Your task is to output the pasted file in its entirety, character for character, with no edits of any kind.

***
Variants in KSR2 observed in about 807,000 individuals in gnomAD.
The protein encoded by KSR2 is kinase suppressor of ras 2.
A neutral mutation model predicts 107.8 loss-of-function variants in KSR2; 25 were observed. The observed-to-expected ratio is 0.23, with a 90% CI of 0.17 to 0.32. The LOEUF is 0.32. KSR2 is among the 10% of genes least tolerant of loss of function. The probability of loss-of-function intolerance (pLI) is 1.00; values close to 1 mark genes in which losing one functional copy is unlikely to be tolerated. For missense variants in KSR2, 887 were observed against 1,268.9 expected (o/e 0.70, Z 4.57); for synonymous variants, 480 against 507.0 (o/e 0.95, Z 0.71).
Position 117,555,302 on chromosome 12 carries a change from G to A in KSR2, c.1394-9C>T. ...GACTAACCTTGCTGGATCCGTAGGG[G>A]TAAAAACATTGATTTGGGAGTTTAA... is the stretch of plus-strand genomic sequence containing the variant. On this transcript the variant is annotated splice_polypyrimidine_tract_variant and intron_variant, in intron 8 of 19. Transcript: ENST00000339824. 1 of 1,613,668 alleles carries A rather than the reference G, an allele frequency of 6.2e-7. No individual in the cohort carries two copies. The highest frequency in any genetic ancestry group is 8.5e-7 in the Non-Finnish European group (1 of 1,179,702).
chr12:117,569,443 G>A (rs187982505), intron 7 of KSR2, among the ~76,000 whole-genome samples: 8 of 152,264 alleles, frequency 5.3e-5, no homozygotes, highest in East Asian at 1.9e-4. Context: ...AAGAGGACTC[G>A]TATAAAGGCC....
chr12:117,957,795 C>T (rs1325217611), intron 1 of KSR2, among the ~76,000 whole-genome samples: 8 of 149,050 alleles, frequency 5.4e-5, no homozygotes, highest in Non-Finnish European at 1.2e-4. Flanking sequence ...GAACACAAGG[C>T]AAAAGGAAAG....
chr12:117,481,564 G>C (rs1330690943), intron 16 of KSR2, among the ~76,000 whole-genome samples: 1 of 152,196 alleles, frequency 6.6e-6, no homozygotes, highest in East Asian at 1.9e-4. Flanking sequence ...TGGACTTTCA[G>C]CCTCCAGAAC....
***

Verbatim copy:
Variants in KSR2 observed in about 807,000 individuals in gnomAD.
The protein encoded by KSR2 is kinase suppressor of ras 2.
A neutral mutation model predicts 107.8 loss-of-function variants in KSR2; 25 were observed. The observed-to-expected ratio is 0.23, with a 90% CI of 0.17 to 0.32. The LOEUF is 0.32. KSR2 is among the 10% of genes least tolerant of loss of function. The probability of loss-of-function intolerance (pLI) is 1.00; values close to 1 mark genes in which losing one functional copy is unlikely to be tolerated. For missense variants in KSR2, 887 were observed against 1,268.9 expected (o/e 0.70, Z 4.57); for synonymous variants, 480 against 507.0 (o/e 0.95, Z 0.71).
Position 117,555,302 on chromosome 12 carries a change from G to A in KSR2, c.1394-9C>T. ...GACTAACCTTGCTGGATCCGTAGGG[G>A]TAAAAACATTGATTTGGGAGTTTAA... is the stretch of plus-strand genomic sequence containing the variant. On this transcript the variant is annotated splice_polypyrimidine_tract_variant and intron_variant, in intron 8 of 19. Transcript: ENST00000339824. 1 of 1,613,668 alleles carries A rather than the reference G, an allele frequency of 6.2e-7. No individual in the cohort carries two copies. The highest frequency in any genetic ancestry group is 8.5e-7 in the Non-Finnish European group (1 of 1,179,702).
chr12:117,569,443 G>A (rs187982505), intron 7 of KSR2, among the ~76,000 whole-genome samples: 8 of 152,264 alleles, frequency 5.3e-5, no homozygotes, highest in East Asian at 1.9e-4. Context: ...AAGAGGACTC[G>A]TATAAAGGCC....
chr12:117,957,795 C>T (rs1325217611), intron 1 of KSR2, among the ~76,000 whole-genome samples: 8 of 149,050 alleles, frequency 5.4e-5, no homozygotes, highest in Non-Finnish European at 1.2e-4. Flanking sequence ...GAACACAAGG[C>T]AAAAGGAAAG....
chr12:117,481,564 G>C (rs1330690943), intron 16 of KSR2, among the ~76,000 whole-genome samples: 1 of 152,196 alleles, frequency 6.6e-6, no homozygotes, highest in East Asian at 1.9e-4. Flanking sequence ...TGGACTTTCA[G>C]CCTCCAGAAC....